Let's go back to the broken ankle resulting from the weakened high heel: Would not OSHA's reasoning in the case of the epileptic seizure mean that this case too is not recordable?
Must a "Significant" Aggravation Be Significant?
Under the old regulations, any work-related aggravation of a nonwork-related injury or illness could make a case recordable. So if Joe Goodfella, for example, played tennis on Sunday, got a sore elbow, came to work, used the elbow only slightly but aggravated it enough to require medical treatment or a work restriction, the case was recordable even if the employee's work-related movements alone could not have caused a sore elbow.
Employers complained mightily about this rule and, in the preamble to the new rule, OSHA stated that it had changed it. The preamble states that the new regulations require that "work 'significantly' aggravate a pre-existing injury or illness before the case is recordable." It promises that "minor aggravation of pre-existing conditions" need not be recorded. It states that the definition requires that "the contribution of the aggravation at work is such that it results in tangible consequences that go beyond those that the worker would have experienced as a result of the pre-existing injury or illness alone, absent the aggravating effects of the workplace." Clearly, OSHA's rulemaking staff believes in good faith that the new aggravation provision has worked a change in the old regulation.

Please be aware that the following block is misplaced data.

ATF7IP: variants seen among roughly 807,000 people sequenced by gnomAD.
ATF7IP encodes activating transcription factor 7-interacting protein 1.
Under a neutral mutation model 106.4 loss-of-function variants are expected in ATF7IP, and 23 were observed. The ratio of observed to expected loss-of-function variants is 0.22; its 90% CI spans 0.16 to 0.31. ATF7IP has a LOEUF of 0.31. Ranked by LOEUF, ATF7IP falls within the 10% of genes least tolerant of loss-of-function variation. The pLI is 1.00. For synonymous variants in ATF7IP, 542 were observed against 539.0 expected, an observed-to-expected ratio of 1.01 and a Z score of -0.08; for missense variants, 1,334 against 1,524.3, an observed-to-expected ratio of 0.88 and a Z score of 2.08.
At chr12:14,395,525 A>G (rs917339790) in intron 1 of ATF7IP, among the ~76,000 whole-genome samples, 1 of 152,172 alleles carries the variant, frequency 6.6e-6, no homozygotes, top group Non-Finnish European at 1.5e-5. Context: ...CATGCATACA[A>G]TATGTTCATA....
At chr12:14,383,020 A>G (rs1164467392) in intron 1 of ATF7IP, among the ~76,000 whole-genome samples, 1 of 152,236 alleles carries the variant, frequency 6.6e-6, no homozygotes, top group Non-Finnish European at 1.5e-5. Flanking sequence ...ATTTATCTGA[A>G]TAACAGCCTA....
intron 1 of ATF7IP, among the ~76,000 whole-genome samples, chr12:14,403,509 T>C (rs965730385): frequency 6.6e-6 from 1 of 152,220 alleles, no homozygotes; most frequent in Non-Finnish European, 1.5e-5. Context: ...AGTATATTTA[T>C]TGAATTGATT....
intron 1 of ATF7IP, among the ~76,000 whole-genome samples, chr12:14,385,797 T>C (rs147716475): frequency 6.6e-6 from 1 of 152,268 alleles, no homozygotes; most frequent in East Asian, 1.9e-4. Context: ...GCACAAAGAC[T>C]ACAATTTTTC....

The problem is that a lawyer representing OSHA could argue that the new aggravation provision changes nothing. The new provision is in 1904.5(b)(4), which reads in part:
"A pre-existing injury or illness has been significantly aggravated ... when an event or exposure in the work environment results in any of the following: ...
"(iii) One or more days away from work, or days of restricted work, or days of job transfer that otherwise would not have occurred but for the occupational event or exposure;
"(iv) Medical treatment in a case where no medical treatment was needed for the injury or illness before the workplace event or exposure, or a change in medical treatment was necessitated by the workplace event or exposure."